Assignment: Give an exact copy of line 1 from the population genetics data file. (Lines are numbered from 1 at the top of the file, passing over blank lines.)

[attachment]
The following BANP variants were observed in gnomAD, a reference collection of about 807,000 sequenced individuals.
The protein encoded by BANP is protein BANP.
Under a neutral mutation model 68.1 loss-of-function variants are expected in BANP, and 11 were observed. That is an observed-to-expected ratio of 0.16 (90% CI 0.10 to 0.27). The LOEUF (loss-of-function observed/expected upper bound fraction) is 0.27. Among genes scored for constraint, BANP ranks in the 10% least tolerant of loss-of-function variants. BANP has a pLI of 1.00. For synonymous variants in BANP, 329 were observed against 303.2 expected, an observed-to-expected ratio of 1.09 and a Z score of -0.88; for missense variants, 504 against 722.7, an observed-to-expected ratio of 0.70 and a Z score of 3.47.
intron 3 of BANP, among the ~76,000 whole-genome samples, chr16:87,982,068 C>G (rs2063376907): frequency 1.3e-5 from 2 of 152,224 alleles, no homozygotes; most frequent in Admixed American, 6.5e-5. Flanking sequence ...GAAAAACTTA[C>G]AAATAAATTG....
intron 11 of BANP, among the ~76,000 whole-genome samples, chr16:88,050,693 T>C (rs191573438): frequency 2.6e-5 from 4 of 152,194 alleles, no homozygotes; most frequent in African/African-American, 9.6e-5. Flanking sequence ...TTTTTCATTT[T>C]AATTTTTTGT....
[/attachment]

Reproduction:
The following BANP variants were observed in gnomAD, a reference collection of about 807,000 sequenced individuals.